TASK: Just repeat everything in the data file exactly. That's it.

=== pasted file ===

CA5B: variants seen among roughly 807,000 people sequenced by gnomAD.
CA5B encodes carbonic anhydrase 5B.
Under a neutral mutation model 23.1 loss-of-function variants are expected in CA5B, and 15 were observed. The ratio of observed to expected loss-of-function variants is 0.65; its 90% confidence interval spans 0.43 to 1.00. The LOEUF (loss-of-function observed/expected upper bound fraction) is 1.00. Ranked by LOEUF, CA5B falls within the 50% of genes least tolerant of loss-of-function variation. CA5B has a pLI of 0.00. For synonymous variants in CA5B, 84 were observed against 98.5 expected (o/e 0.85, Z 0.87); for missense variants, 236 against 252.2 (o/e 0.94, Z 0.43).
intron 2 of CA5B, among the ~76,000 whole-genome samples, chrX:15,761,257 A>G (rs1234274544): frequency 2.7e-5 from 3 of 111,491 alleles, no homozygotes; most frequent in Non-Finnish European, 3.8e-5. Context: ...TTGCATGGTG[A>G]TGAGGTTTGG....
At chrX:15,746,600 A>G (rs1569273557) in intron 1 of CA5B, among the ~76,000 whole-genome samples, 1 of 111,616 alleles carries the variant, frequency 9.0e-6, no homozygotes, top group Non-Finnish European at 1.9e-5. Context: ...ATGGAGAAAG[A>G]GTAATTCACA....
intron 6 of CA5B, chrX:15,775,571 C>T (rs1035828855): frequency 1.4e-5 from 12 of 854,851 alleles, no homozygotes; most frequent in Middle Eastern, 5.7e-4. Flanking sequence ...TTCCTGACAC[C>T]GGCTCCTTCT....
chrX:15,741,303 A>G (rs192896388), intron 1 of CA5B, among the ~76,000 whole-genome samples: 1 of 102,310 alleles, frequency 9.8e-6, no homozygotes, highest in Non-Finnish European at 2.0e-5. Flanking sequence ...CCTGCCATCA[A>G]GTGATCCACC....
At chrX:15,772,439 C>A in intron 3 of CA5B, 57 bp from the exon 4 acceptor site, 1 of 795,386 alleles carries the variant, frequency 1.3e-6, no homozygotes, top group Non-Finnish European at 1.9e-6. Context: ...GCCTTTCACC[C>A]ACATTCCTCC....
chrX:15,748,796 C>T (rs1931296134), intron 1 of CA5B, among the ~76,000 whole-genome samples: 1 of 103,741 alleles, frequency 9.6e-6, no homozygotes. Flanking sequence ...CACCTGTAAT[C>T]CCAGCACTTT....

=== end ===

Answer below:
CA5B: variants seen among roughly 807,000 people sequenced by gnomAD.
CA5B encodes carbonic anhydrase 5B.
Under a neutral mutation model 23.1 loss-of-function variants are expected in CA5B, and 15 were observed. The ratio of observed to expected loss-of-function variants is 0.65; its 90% confidence interval spans 0.43 to 1.00. The LOEUF (loss-of-function observed/expected upper bound fraction) is 1.00. Ranked by LOEUF, CA5B falls within the 50% of genes least tolerant of loss-of-function variation. CA5B has a pLI of 0.00. For synonymous variants in CA5B, 84 were observed against 98.5 expected (o/e 0.85, Z 0.87); for missense variants, 236 against 252.2 (o/e 0.94, Z 0.43).
intron 2 of CA5B, among the ~76,000 whole-genome samples, chrX:15,761,257 A>G (rs1234274544): frequency 2.7e-5 from 3 of 111,491 alleles, no homozygotes; most frequent in Non-Finnish European, 3.8e-5. Context: ...TTGCATGGTG[A>G]TGAGGTTTGG....
At chrX:15,746,600 A>G (rs1569273557) in intron 1 of CA5B, among the ~76,000 whole-genome samples, 1 of 111,616 alleles carries the variant, frequency 9.0e-6, no homozygotes, top group Non-Finnish European at 1.9e-5. Context: ...ATGGAGAAAG[A>G]GTAATTCACA....
intron 6 of CA5B, chrX:15,775,571 C>T (rs1035828855): frequency 1.4e-5 from 12 of 854,851 alleles, no homozygotes; most frequent in Middle Eastern, 5.7e-4. Flanking sequence ...TTCCTGACAC[C>T]GGCTCCTTCT....
chrX:15,741,303 A>G (rs192896388), intron 1 of CA5B, among the ~76,000 whole-genome samples: 1 of 102,310 alleles, frequency 9.8e-6, no homozygotes, highest in Non-Finnish European at 2.0e-5. Flanking sequence ...CCTGCCATCA[A>G]GTGATCCACC....
At chrX:15,772,439 C>A in intron 3 of CA5B, 57 bp from the exon 4 acceptor site, 1 of 795,386 alleles carries the variant, frequency 1.3e-6, no homozygotes, top group Non-Finnish European at 1.9e-6. Context: ...GCCTTTCACC[C>A]ACATTCCTCC....
chrX:15,748,796 C>T (rs1931296134), intron 1 of CA5B, among the ~76,000 whole-genome samples: 1 of 103,741 alleles, frequency 9.6e-6, no homozygotes. Flanking sequence ...CACCTGTAAT[C>T]CCAGCACTTT....